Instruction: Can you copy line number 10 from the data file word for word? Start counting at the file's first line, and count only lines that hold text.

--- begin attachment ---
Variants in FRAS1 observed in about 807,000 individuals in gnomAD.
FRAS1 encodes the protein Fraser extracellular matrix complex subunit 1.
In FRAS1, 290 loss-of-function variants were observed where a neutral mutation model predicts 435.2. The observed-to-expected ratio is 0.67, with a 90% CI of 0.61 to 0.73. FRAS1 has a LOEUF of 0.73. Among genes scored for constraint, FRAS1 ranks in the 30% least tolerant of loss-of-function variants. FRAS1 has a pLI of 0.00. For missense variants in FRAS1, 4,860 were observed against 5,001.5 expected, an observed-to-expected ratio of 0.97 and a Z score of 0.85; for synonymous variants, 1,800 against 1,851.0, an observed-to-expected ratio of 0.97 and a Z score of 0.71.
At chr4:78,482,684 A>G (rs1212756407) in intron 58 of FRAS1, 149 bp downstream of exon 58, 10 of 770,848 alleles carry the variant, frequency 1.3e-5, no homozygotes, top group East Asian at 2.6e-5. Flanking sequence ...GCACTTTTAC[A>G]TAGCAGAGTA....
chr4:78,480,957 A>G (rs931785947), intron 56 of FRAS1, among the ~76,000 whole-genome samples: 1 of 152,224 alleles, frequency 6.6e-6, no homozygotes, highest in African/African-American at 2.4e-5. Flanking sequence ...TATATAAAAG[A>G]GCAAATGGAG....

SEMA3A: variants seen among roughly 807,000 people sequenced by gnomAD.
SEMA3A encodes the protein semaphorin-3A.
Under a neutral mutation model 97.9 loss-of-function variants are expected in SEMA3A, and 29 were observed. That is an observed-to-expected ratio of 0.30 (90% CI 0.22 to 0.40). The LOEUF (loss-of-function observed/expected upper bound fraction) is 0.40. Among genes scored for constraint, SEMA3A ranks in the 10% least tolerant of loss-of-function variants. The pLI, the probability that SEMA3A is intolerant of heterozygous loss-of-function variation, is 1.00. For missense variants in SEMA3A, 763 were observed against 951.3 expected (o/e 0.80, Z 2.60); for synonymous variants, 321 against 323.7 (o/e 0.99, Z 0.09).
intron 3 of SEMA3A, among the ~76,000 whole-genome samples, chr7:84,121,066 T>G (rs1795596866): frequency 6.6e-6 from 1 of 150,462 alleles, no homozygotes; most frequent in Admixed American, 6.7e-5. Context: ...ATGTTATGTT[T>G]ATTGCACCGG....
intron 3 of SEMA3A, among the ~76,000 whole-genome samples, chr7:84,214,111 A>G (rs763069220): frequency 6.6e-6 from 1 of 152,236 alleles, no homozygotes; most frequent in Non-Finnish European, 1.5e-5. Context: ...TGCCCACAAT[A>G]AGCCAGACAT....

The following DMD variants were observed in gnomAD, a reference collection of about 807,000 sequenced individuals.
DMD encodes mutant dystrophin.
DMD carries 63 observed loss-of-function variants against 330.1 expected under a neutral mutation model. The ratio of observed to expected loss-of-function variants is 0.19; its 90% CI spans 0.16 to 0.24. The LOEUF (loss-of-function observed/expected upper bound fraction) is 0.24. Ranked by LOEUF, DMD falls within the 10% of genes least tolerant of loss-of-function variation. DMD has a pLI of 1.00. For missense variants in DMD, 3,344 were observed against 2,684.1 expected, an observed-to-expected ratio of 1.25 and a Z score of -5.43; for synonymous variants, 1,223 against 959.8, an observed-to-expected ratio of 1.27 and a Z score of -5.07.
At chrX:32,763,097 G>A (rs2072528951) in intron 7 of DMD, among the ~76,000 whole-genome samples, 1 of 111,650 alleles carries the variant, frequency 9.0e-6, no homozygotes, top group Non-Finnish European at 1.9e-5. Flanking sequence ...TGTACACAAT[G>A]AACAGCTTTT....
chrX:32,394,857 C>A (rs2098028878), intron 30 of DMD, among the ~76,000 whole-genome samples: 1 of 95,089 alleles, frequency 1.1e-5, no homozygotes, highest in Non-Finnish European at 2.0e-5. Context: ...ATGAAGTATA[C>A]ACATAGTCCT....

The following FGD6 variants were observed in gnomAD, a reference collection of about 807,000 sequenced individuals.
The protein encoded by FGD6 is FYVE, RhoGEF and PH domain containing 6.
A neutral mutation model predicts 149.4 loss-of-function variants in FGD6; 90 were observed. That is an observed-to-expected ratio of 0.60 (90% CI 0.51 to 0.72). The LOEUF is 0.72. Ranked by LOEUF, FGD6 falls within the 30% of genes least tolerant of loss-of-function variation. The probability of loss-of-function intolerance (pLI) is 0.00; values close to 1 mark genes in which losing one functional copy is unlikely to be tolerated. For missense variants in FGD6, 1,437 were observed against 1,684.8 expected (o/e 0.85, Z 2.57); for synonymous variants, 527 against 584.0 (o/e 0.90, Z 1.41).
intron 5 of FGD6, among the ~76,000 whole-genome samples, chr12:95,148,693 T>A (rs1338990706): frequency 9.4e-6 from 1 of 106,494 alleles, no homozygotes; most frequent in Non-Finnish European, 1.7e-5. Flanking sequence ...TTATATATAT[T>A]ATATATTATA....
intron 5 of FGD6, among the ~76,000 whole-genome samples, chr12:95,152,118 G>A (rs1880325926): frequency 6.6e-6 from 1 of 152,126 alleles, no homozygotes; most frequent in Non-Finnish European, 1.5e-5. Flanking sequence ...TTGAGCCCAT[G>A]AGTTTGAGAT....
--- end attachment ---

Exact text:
intron 3 of SEMA3A, among the ~76,000 whole-genome samples, chr7:84,214,111 A>G (rs763069220): frequency 6.6e-6 from 1 of 152,236 alleles, no homozygotes; most frequent in Non-Finnish European, 1.5e-5. Context: ...TGCCCACAAT[A>G]AGCCAGACAT....